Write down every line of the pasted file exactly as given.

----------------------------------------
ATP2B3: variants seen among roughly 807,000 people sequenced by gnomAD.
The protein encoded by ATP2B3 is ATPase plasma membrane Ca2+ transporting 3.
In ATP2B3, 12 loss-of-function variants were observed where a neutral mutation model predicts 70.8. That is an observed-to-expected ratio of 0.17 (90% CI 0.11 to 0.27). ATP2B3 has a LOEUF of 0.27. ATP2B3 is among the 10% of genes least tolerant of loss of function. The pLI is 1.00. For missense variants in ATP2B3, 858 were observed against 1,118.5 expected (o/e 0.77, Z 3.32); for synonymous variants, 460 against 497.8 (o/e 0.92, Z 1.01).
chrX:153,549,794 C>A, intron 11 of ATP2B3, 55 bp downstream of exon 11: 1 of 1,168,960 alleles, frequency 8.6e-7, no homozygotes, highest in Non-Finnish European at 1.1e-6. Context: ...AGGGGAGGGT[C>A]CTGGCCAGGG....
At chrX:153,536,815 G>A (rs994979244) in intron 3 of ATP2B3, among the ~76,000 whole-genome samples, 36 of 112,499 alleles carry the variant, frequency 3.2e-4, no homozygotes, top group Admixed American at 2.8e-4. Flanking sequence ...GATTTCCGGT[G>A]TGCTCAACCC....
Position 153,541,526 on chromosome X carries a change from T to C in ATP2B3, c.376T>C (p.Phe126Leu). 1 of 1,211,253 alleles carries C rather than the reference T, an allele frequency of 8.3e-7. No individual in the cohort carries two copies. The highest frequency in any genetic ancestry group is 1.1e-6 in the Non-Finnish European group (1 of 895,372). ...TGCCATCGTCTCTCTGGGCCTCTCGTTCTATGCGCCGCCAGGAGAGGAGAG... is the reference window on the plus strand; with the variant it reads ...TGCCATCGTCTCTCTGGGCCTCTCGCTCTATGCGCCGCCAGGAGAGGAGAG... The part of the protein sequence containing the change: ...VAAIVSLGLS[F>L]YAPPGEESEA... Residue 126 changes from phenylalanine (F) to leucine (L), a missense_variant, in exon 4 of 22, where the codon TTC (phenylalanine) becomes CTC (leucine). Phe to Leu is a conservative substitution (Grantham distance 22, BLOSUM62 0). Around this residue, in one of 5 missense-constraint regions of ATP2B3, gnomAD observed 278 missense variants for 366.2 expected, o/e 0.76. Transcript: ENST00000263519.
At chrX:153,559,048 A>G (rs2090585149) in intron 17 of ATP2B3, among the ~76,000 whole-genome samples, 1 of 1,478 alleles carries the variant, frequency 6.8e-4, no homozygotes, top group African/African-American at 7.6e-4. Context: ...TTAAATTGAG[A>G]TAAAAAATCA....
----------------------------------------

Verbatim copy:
ATP2B3: variants seen among roughly 807,000 people sequenced by gnomAD.
The protein encoded by ATP2B3 is ATPase plasma membrane Ca2+ transporting 3.
In ATP2B3, 12 loss-of-function variants were observed where a neutral mutation model predicts 70.8. That is an observed-to-expected ratio of 0.17 (90% CI 0.11 to 0.27). ATP2B3 has a LOEUF of 0.27. ATP2B3 is among the 10% of genes least tolerant of loss of function. The pLI is 1.00. For missense variants in ATP2B3, 858 were observed against 1,118.5 expected (o/e 0.77, Z 3.32); for synonymous variants, 460 against 497.8 (o/e 0.92, Z 1.01).
chrX:153,549,794 C>A, intron 11 of ATP2B3, 55 bp downstream of exon 11: 1 of 1,168,960 alleles, frequency 8.6e-7, no homozygotes, highest in Non-Finnish European at 1.1e-6. Context: ...AGGGGAGGGT[C>A]CTGGCCAGGG....
At chrX:153,536,815 G>A (rs994979244) in intron 3 of ATP2B3, among the ~76,000 whole-genome samples, 36 of 112,499 alleles carry the variant, frequency 3.2e-4, no homozygotes, top group Admixed American at 2.8e-4. Flanking sequence ...GATTTCCGGT[G>A]TGCTCAACCC....
Position 153,541,526 on chromosome X carries a change from T to C in ATP2B3, c.376T>C (p.Phe126Leu). 1 of 1,211,253 alleles carries C rather than the reference T, an allele frequency of 8.3e-7. No individual in the cohort carries two copies. The highest frequency in any genetic ancestry group is 1.1e-6 in the Non-Finnish European group (1 of 895,372). ...TGCCATCGTCTCTCTGGGCCTCTCGTTCTATGCGCCGCCAGGAGAGGAGAG... is the reference window on the plus strand; with the variant it reads ...TGCCATCGTCTCTCTGGGCCTCTCGCTCTATGCGCCGCCAGGAGAGGAGAG... The part of the protein sequence containing the change: ...VAAIVSLGLS[F>L]YAPPGEESEA... Residue 126 changes from phenylalanine (F) to leucine (L), a missense_variant, in exon 4 of 22, where the codon TTC (phenylalanine) becomes CTC (leucine). Phe to Leu is a conservative substitution (Grantham distance 22, BLOSUM62 0). Around this residue, in one of 5 missense-constraint regions of ATP2B3, gnomAD observed 278 missense variants for 366.2 expected, o/e 0.76. Transcript: ENST00000263519.
At chrX:153,559,048 A>G (rs2090585149) in intron 17 of ATP2B3, among the ~76,000 whole-genome samples, 1 of 1,478 alleles carries the variant, frequency 6.8e-4, no homozygotes, top group African/African-American at 7.6e-4. Context: ...TTAAATTGAG[A>G]TAAAAAATCA....